Our Lady of Louvain, Belgium (1444)
St. Peter’s Church, Leuven
The Abbot Orsini wrote: “This Virgin, in high veneration in that country, began to work miracles in the year 1444.”
Saint Peter’s Church, or Sint-Pieterskerk, is the oldest church in Leuven, Belgium, having been founded in about 986. The first church burned to the ground, but the present Gothic style church was begun in 1425. The church suffered severe damage during both world wars, as in 1914 the roof and nave were burned down, and in 1944 the north aisle suffered bomb damage.
The church of Saint Peter is the home of Our Lady of Louvain, or the Virgin of Louvain, a statue of the Blessed Virgin and her Divine Son also called the Sedes Sapientiae, or Seat of Wisdom. The Virgin of Louvain was a wood statue of the Blessed Virgin Mary carved by Nicolaas De Bruyne in 1442. It is a larger facsimile of an earlier statue dating from the 13th century. That statue was completely destroyed during the Second World War, and not by the Fascists or Nazis, but instead by allied bombs. It is a replica of Bruyne’s famous statue that is currently on display in the church.
Sedes Sapientiae is a specific title for the statue of Our Lady of Louvain, but it is also a type of Christian iconography of the Blessed Mother which depicts the Blessed Virgin seated upon a throne with the Christ Child in her lap. This type of representation of the Blessed Mother became especially popular early in the 13th century, and the throne she sits upon usually has some depiction of lions and the Blessed Virgin’s feet are usually shown resting upon a stool, and for good reason.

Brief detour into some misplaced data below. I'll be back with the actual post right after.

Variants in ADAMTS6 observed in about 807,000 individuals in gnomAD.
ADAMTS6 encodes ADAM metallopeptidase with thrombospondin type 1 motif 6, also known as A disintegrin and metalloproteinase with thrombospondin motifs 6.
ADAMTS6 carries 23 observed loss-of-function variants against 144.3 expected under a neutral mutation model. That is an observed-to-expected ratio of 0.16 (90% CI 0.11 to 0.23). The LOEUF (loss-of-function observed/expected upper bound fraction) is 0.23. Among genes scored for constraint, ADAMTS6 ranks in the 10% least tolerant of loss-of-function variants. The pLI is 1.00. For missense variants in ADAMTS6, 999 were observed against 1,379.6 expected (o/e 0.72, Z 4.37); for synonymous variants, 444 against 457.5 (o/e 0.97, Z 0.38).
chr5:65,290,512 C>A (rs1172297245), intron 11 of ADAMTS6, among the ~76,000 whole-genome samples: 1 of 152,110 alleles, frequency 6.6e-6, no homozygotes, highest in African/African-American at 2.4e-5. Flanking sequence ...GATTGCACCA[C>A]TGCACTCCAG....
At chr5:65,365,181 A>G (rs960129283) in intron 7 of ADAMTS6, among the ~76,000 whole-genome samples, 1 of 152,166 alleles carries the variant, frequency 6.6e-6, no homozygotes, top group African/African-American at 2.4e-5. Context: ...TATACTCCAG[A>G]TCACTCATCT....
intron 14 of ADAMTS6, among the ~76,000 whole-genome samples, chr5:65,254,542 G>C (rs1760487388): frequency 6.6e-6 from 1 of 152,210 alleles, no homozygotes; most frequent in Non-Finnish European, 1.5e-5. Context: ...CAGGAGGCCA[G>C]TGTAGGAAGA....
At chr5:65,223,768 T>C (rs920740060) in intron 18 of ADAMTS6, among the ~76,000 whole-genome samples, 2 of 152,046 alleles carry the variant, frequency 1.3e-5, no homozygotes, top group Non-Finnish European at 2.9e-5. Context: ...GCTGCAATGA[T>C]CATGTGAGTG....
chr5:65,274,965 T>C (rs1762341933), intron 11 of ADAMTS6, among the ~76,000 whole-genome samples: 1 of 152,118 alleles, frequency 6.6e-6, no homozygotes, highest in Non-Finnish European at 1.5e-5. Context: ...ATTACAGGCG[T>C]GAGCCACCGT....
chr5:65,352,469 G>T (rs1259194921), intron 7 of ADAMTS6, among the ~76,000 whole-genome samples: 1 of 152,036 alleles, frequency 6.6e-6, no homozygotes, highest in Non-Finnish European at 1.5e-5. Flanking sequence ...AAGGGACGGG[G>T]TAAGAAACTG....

The “Seat of Wisdom” is a title of Mary that many Catholics will recognize from the Litany of Loreto. It was no less a luminary than Saint Peter Damian, who in the 11th century said of the Blessed Virgin Mary that she “is herself that wondrous throne referred to in the Book of Kings.” In this he was alluding to Solomon’s throne, the throne of the king renowned throughout history for his wisdom. His throne was of ivory overlaid with the finest gold. “It had six steps; and the top of the throne was round behind: and there were two hands on either side holding the seat: and two lions stood, one at each hand. And twelve little lions stood upon the six steps on the one side and on the other: there was no such work made in any kingdom.” (Third Book of Kings, Chapter 10: 18-20)
She is descended from the noble lineage of David. As the Mother of God, the “Seat of Wisdom,” the vessel of the Incarnation, who carried and gave birth to the second person of the Blessed Trinity, she herself is in a certain sense the throne upon which the Son of God reigns.
This symbol, the Sedes Sapientiae, has become the seal for the Catholic University of Leuven. It bears the motto: “Universitas Catholica Lovaniensis. Sedes Sapientiae,” which is Latin for Catholic University of Leuven. Seat of Wisdom.”